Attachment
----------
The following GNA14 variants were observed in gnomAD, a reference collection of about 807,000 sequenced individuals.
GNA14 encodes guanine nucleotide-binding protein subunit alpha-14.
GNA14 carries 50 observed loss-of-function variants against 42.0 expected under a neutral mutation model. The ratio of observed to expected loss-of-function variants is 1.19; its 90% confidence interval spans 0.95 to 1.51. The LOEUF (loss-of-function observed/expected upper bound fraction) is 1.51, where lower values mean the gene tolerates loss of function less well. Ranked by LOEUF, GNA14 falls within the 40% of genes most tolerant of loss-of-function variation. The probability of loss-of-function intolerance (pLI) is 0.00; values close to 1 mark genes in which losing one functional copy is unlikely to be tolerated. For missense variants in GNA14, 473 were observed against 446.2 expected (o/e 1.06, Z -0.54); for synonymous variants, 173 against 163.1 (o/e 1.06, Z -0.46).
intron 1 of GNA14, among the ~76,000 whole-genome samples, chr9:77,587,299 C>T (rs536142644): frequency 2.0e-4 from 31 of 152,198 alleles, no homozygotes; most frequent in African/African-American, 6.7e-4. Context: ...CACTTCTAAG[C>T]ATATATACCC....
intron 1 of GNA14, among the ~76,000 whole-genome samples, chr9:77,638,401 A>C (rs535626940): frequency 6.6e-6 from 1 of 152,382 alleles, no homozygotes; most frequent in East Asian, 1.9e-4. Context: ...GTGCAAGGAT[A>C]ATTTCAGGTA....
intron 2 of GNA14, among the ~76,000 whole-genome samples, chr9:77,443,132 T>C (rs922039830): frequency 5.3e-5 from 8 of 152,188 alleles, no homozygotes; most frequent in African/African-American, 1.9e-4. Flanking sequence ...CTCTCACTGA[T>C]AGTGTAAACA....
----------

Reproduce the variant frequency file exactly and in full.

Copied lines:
The following GNA14 variants were observed in gnomAD, a reference collection of about 807,000 sequenced individuals.
GNA14 encodes guanine nucleotide-binding protein subunit alpha-14.
GNA14 carries 50 observed loss-of-function variants against 42.0 expected under a neutral mutation model. The ratio of observed to expected loss-of-function variants is 1.19; its 90% confidence interval spans 0.95 to 1.51. The LOEUF (loss-of-function observed/expected upper bound fraction) is 1.51, where lower values mean the gene tolerates loss of function less well. Ranked by LOEUF, GNA14 falls within the 40% of genes most tolerant of loss-of-function variation. The probability of loss-of-function intolerance (pLI) is 0.00; values close to 1 mark genes in which losing one functional copy is unlikely to be tolerated. For missense variants in GNA14, 473 were observed against 446.2 expected (o/e 1.06, Z -0.54); for synonymous variants, 173 against 163.1 (o/e 1.06, Z -0.46).
intron 1 of GNA14, among the ~76,000 whole-genome samples, chr9:77,587,299 C>T (rs536142644): frequency 2.0e-4 from 31 of 152,198 alleles, no homozygotes; most frequent in African/African-American, 6.7e-4. Context: ...CACTTCTAAG[C>T]ATATATACCC....
intron 1 of GNA14, among the ~76,000 whole-genome samples, chr9:77,638,401 A>C (rs535626940): frequency 6.6e-6 from 1 of 152,382 alleles, no homozygotes; most frequent in East Asian, 1.9e-4. Context: ...GTGCAAGGAT[A>C]ATTTCAGGTA....
intron 2 of GNA14, among the ~76,000 whole-genome samples, chr9:77,443,132 T>C (rs922039830): frequency 5.3e-5 from 8 of 152,188 alleles, no homozygotes; most frequent in African/African-American, 1.9e-4. Flanking sequence ...CTCTCACTGA[T>C]AGTGTAAACA....